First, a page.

CHRISTINA MCFARLAND, CNN CORRESPONDENT (voice-over): This is the moment the fairy tale became reality. Leicester City's players celebrating the

unlikeliest of triumphs as Chelsea drew 2-2 with their rivals Tottenham Hotspur handing the title to the Foxes.

Their jubilant fans filled the streets with a sea of white and blue when the whistle blew. The name of Claudio Ranieri, once a surprise (inaudible)

to take over now a hero in this English city. He returned to work on Tuesday with a smile from ear to ear.

CLAUDIO RANIERI, LEICESTER CITY MANAGER: The job is good. I'm very, very happier now because maybe if won this title at the beginning of my career,

now I forgot -- no. Now I'm very old man and it make me feel much better.

MCFARLAND: The city center the morning after the night before where market store holders once only spoke of the prices for their fruit and vegetables,

now there is only one topic on everyone's lips.

UNIDENTIFIED MALE: It hasn't sunk in to me yet. Yes, we done it. We done it with two games to spare.

UNIDENTIFIED FEMALE: I could not believe it. I genuinely did wake up this morning and think, we have won league, haven't we?

UNIDENTIFIED FEMALE: Why not go on holiday? Why not Leicester City? It is just amazing. The city's alive.

MCFARLAND: Even former players shared their astonishment with the fans outside the stadium.

MATT ELLIOT, FORMER LEICESTER CITY CAPTAIN: Under the guidance and management of the owners here, correct decisions were made. You've seen

end result. Premier league title is in the bag.

MCFARLAND: A group of relatively unknown players with an aging Italian manager started with a dream at the beginning of the season. Now Leicester

City have proven that it's possible to defy the odds and be crowned champions. Christina McFarland, CNN, Leicester.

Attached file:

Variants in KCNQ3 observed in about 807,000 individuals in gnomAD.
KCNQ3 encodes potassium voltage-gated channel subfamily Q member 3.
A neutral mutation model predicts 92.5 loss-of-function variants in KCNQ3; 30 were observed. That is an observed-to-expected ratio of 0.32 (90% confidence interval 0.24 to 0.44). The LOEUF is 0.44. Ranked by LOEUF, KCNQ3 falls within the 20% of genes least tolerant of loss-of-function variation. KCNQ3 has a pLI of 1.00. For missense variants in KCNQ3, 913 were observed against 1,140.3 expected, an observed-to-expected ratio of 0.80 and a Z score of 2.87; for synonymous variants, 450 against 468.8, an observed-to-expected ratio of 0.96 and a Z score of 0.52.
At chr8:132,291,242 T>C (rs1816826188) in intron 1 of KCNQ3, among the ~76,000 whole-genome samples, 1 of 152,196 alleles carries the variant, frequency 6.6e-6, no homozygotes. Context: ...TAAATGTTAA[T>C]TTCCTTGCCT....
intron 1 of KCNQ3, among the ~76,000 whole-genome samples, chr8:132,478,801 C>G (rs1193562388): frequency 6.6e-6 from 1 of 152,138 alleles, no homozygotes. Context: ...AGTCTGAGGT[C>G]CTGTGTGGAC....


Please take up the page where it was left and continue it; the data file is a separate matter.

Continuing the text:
GORANI: Well, a word on the Olympic torch. Brazil, of course, is going through political turmoil, but it is still gearing up for the Olympic games

in about three months. The torch arrived in the capital Brasilia just a few hours ago.

It's slowly making its way to Rio de Janeiro where the opening ceremony will happen in August.


12,000 runners will carry it through 300 towns. And Dilma Rousseff received the torch at the Presidential palace earlier. Of course she could be

impeached even before the games get under way.


GORANI: This is "The World Right Now." We will have much more on the American presidential race as Ted Cruz fights to win in Indiana.


GORANI: I'll be speaking to a Republican and a Democratic about where the race goes from here.

And later, you'll remember the young Messi fan who stole all of our hearts. Well he has had to flee Afghanistan. Why does his family fear for his

lives? The latest on his story is coming up.



GORANI: Well it's a big day in Indiana, voting is under way there.


GORANI: It is a potential make or break primary for Republican candidate Ted Cruz. His rival Donald Trump has a clear lead and a win would put him

within striking distance of the 1,237 delegates needed to clinch the nomination for the Republican Party. It's expected to be a close contest

between Democratic candidate Bernie Sanders and Hillary Clinton.


GORANI: Also among all the other stories we're following the U.S., U.N., and Russia are working to extend and already shaky Syrian truce to the

embattled city of Aleppo.